The original article by Karen Allen was published by the Institute for Security Studies on 14 November 2019
“Without sufficient safeguards, norms provide a middle ground between rigid treaties and taking no action at all.”
“Mistrust of the big powers, questions of sovereignty and global uncertainty about the direction of mass digitisation lie at the heart of why most states across sub-Saharan Africa appear to be resisting multilateral rules and ‘big ticket’ treaties for solving the world’s problems.”
GCSC Co-Chair Michael Chertoff believes norms are the way forward. “They can exist in parallel with laws. Norms grounded in common values are dynamic, which is useful given the rapid evolution of technology and the polarised position of some states on questions of balancing freedom of speech and state security.” During this year’s Paris Peace Forum, the GCSC called for “more private sector and civil society involvement in both setting those global standards of behaviour online, and acting as whistleblowers when those norms are violated.”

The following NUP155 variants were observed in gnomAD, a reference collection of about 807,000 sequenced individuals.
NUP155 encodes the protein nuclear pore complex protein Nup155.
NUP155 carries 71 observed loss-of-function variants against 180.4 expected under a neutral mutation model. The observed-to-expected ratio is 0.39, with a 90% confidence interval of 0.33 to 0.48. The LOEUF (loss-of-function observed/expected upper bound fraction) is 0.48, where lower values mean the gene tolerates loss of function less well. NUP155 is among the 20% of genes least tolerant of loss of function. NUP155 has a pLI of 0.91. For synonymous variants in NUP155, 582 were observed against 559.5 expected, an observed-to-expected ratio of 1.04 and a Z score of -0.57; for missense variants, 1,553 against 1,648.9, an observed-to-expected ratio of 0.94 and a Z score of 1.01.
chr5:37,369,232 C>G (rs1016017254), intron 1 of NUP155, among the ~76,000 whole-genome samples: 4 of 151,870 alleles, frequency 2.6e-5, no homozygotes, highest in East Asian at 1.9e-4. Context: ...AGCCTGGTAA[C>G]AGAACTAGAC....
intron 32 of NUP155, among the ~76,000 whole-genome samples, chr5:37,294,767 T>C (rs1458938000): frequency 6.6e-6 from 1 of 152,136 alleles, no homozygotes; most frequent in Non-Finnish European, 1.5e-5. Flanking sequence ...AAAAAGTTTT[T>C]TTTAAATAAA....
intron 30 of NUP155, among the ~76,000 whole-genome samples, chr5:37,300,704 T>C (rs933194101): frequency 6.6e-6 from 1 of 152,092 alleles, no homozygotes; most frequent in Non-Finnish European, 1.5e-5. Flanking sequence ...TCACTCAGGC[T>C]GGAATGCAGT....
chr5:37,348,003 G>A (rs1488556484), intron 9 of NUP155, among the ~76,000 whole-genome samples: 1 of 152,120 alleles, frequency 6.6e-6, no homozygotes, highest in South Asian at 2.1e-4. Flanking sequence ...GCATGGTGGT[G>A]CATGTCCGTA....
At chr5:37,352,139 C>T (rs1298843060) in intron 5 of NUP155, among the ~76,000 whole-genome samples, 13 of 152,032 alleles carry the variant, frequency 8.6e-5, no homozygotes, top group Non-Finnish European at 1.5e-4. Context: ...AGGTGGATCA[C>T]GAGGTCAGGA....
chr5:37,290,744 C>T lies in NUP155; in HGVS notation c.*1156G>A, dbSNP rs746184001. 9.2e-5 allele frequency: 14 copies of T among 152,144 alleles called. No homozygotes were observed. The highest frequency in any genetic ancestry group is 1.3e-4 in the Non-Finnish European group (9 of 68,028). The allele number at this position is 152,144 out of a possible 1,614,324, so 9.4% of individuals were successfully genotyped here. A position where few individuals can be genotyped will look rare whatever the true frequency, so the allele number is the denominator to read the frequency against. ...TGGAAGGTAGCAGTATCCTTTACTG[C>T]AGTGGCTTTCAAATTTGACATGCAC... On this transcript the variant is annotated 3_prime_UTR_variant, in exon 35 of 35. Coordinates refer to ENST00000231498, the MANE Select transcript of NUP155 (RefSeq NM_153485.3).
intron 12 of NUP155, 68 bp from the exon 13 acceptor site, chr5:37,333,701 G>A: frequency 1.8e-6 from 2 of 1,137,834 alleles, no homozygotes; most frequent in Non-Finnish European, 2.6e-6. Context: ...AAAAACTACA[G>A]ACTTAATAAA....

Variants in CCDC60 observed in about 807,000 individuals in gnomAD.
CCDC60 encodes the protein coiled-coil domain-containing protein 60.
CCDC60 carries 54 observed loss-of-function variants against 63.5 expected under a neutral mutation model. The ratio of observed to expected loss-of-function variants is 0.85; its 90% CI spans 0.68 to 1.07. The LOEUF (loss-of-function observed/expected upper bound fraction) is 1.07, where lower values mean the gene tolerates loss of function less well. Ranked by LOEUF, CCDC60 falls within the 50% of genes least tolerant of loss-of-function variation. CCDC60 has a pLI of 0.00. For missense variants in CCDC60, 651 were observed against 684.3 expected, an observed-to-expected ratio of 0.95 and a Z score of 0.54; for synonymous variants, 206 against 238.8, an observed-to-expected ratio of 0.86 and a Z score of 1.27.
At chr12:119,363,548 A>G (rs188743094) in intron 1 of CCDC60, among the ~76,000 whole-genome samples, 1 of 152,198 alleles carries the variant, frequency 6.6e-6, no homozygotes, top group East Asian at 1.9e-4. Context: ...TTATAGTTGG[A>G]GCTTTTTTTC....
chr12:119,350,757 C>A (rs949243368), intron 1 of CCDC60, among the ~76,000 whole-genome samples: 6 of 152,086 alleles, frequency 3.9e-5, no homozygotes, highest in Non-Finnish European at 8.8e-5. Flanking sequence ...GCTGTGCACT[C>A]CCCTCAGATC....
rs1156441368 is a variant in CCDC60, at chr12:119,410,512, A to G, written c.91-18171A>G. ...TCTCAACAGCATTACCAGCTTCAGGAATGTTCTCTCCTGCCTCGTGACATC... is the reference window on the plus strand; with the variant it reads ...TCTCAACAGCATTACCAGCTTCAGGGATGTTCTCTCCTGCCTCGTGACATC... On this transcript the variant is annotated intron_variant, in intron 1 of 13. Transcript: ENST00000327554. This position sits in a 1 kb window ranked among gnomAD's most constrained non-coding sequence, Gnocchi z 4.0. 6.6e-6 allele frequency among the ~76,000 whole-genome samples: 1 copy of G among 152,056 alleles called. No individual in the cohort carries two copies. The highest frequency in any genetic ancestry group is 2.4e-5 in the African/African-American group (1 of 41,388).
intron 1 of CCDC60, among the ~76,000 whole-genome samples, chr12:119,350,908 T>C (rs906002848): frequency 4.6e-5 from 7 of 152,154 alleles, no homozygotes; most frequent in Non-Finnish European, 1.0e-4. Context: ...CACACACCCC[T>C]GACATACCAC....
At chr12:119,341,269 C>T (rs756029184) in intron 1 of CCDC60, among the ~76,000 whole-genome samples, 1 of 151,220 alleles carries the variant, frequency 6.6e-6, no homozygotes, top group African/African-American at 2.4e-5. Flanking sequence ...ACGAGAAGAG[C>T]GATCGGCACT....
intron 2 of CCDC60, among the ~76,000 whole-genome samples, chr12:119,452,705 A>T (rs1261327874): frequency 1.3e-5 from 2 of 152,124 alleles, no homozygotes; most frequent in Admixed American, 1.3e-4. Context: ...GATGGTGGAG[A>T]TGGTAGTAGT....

Read the full article here.